A locomotion system left out of this lecture's list: Arm swinging

The “jogger” movement con was that it has poor detection, which is true due to the way the movement is calculated. Essentially, it uses the erratic up and down movement of the headset to assume that you’re jogging in place, and that you want to move forward. The limitations are that the overall control is very imprecise.

However, arm swinging locomotion accomplishes movement that gives you the same degree of control over speed and precision that you would get from swiping to scroll around on your phone or tablet. You’re swinging your arms in real life and in VR, so the fact that you’re moving makes sense. Combined with inverse kinematics applied to an in-game model, you can also get walking that matches the rate at which you swing your arms, so if you look down, even though your real legs aren’t moving, it still “makes sense.” The vestibular sense is ignored, as you aren’t actually moving, but I think the effectiveness of the illusion on both the visual and proprioceptive senses eclipses that.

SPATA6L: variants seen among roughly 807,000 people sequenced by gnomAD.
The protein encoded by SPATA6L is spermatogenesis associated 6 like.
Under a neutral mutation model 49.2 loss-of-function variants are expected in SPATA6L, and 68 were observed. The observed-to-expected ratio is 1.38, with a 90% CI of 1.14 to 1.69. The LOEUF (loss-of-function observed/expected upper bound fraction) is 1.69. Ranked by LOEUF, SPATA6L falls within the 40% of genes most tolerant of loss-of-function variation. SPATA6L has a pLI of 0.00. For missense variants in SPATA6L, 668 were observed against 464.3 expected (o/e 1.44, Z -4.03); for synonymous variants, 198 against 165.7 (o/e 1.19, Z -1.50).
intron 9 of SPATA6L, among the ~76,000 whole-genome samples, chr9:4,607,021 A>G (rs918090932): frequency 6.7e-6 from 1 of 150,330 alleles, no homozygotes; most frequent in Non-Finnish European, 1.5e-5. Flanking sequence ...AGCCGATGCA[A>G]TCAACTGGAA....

The main limitation becomes the fact that because your arms are being used for locomotion, you can’t move while doing two-handed activities; at most, you could swing one arm to move while the other interacts with the game. I think that is a fairly straightforward design challenge, though.

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